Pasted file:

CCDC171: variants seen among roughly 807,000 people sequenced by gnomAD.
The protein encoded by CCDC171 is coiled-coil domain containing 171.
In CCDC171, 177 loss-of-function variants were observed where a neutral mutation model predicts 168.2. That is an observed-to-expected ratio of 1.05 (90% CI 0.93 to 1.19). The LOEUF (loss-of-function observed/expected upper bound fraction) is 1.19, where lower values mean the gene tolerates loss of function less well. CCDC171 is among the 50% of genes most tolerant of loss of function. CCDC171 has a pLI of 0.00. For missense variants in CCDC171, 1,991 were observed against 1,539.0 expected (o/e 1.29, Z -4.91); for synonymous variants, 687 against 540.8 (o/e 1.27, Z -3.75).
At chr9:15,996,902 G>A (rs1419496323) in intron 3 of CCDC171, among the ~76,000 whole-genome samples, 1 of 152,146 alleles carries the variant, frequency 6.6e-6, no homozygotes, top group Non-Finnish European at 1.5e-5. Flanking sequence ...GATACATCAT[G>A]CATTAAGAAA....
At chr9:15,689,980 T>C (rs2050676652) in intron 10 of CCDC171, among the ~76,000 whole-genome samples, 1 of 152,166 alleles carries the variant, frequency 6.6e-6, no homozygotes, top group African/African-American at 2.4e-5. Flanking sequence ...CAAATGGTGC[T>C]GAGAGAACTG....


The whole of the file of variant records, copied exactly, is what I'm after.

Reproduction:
CCDC171: variants seen among roughly 807,000 people sequenced by gnomAD.
The protein encoded by CCDC171 is coiled-coil domain containing 171.
In CCDC171, 177 loss-of-function variants were observed where a neutral mutation model predicts 168.2. That is an observed-to-expected ratio of 1.05 (90% CI 0.93 to 1.19). The LOEUF (loss-of-function observed/expected upper bound fraction) is 1.19, where lower values mean the gene tolerates loss of function less well. CCDC171 is among the 50% of genes most tolerant of loss of function. CCDC171 has a pLI of 0.00. For missense variants in CCDC171, 1,991 were observed against 1,539.0 expected (o/e 1.29, Z -4.91); for synonymous variants, 687 against 540.8 (o/e 1.27, Z -3.75).
At chr9:15,996,902 G>A (rs1419496323) in intron 3 of CCDC171, among the ~76,000 whole-genome samples, 1 of 152,146 alleles carries the variant, frequency 6.6e-6, no homozygotes, top group Non-Finnish European at 1.5e-5. Flanking sequence ...GATACATCAT[G>A]CATTAAGAAA....
At chr9:15,689,980 T>C (rs2050676652) in intron 10 of CCDC171, among the ~76,000 whole-genome samples, 1 of 152,166 alleles carries the variant, frequency 6.6e-6, no homozygotes, top group African/African-American at 2.4e-5. Flanking sequence ...CAAATGGTGC[T>C]GAGAGAACTG....